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Is Pelosi serious about reining in the budget?

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How Democrats Can Make PAYGO Work

Is Pelosi serious about reining in the budget?

Americans sent a strong message to Washington in November: Continued runaway spending is unacceptable. You have stated clearly that you intend to put tough budget controls in place, including a return to "Pay As You Go," or PAYGO, budgeting. PAYGO requires that new or expanded entitlement spending be fully paid for by reductions in other mandatory spending or with tax increases. You have also pledged to stop increases in the deficit from other spending.

To be sure, PAYGO is not a comprehensive solution to the budget problem. If done right, however, it is an important tool. Because it is the one that you have chosen to take the first decisive step towards budget discipline, you should make implementing it your first legislative initiative in the new Congress. You should enact a form of PAYGO that fixes previous versions’ weaknesses so it is not a phony budget tool and a veil for new deficit spending. If you do not bolt the budget door shut with a potent form of PAYGO before your colleagues start spending again, the American people will know that your pledge to get the budget under control was not serious.

Americans want Congress to bring discipline to the budget process for good reason. Federal spending has grown by more than 42% since 2001. Last year alone, spending increased more than 7%, and over half of this increase was due to entitlement programs such as Social Security and Medicare. These "mandatory" programs are not appropriated in the annual budget but grow on autopilot according to provisions of their governing laws. Without reform, these programs are projected to push long-term spending from 20% of the economy today to nearly 50% by 2050. The only way to get the budget under control is to put in place strong controls on spending.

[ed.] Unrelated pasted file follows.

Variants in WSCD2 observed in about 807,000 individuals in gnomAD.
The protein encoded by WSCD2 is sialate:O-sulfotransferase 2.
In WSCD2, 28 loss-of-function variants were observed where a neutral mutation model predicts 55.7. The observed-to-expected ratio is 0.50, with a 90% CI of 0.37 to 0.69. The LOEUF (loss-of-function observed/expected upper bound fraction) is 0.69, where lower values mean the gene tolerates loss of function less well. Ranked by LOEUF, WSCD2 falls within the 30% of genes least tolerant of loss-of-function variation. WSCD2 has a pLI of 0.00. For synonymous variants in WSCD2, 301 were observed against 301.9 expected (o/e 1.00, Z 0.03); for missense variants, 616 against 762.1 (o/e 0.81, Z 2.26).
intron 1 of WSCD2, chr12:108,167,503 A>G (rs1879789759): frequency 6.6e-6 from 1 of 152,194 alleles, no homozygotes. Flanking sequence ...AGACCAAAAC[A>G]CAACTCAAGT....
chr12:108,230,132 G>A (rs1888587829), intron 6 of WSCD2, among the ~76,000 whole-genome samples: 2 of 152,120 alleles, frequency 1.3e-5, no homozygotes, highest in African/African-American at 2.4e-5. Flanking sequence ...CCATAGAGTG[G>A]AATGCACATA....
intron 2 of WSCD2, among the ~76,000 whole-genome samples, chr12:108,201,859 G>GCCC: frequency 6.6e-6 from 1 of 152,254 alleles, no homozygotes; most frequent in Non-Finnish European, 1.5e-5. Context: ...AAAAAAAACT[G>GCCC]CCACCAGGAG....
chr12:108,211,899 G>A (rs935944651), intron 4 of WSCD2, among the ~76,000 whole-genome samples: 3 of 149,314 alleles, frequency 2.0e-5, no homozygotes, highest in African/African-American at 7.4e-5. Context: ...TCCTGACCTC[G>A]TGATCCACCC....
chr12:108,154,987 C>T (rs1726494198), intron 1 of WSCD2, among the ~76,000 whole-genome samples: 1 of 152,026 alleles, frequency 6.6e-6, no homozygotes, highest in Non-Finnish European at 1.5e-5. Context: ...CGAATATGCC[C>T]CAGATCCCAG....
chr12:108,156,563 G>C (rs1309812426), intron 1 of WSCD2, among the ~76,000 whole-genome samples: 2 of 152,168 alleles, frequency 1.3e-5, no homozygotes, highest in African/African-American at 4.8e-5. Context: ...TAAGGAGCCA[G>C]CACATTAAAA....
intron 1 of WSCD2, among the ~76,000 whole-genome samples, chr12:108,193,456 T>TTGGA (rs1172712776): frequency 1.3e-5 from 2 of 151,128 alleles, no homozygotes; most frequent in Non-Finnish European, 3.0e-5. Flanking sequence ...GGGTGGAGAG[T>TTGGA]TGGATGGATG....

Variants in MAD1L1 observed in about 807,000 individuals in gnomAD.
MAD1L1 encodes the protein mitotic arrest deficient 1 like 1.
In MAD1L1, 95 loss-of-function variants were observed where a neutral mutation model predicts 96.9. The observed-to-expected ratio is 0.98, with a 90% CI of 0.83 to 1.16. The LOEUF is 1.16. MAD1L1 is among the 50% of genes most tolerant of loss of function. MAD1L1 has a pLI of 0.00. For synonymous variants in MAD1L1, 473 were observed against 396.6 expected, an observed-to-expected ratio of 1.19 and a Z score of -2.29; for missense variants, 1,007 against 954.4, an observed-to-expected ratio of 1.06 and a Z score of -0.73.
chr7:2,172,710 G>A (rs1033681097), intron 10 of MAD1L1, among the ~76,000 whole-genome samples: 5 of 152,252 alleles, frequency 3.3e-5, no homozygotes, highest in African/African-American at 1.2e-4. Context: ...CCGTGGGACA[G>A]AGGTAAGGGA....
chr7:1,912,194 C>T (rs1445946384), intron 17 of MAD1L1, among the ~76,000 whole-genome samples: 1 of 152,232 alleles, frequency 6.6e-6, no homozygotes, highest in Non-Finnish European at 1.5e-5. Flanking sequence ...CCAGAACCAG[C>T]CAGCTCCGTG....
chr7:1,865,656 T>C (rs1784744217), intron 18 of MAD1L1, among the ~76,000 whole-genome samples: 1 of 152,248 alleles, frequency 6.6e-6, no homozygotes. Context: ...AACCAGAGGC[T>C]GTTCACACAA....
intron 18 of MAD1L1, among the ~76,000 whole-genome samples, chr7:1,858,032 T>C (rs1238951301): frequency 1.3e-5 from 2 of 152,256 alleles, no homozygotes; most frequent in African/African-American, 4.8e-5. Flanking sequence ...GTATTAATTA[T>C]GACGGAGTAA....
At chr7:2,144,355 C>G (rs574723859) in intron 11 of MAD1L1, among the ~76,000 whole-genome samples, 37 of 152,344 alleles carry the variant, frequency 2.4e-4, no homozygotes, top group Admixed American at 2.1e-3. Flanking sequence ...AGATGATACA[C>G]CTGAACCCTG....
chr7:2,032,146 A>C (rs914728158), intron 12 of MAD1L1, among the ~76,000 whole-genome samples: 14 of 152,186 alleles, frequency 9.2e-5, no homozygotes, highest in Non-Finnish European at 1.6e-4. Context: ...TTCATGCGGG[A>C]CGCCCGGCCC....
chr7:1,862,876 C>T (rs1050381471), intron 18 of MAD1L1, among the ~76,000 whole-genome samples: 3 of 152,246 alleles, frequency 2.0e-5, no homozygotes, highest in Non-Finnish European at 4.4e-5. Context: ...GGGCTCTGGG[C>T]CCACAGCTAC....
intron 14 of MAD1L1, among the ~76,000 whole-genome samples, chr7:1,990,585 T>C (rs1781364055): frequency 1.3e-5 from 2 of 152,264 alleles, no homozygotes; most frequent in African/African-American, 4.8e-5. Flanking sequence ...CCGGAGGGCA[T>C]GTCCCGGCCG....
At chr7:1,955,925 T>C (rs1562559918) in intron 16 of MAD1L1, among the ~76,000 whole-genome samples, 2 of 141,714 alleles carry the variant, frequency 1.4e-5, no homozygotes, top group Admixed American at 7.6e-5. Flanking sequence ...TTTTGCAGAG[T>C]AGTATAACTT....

How to Make PAYGO Meaningful

Because PAYGO is the budget restraint tool you have proposed, you must ensure that it will be meaningful, properly instituted, and not a sham. Any lawmaker seriously concerned about spending control, therefore, must insist on five key features for PAYGO:

  1. PAYGO must be enforceable. The Senate’s current PAYGO rule is weak because it is not self-enforcing. While any one senator can offer a point of order against any offending spending, this often does not happen. If a point of order is offered, it can be waived with 60 votes, in which case there is no additional enforcement such as sequestration (which imposes automatic across-the-board entitlement cuts to pay for any new entitlement spending or tax cuts that Congress does not offset.)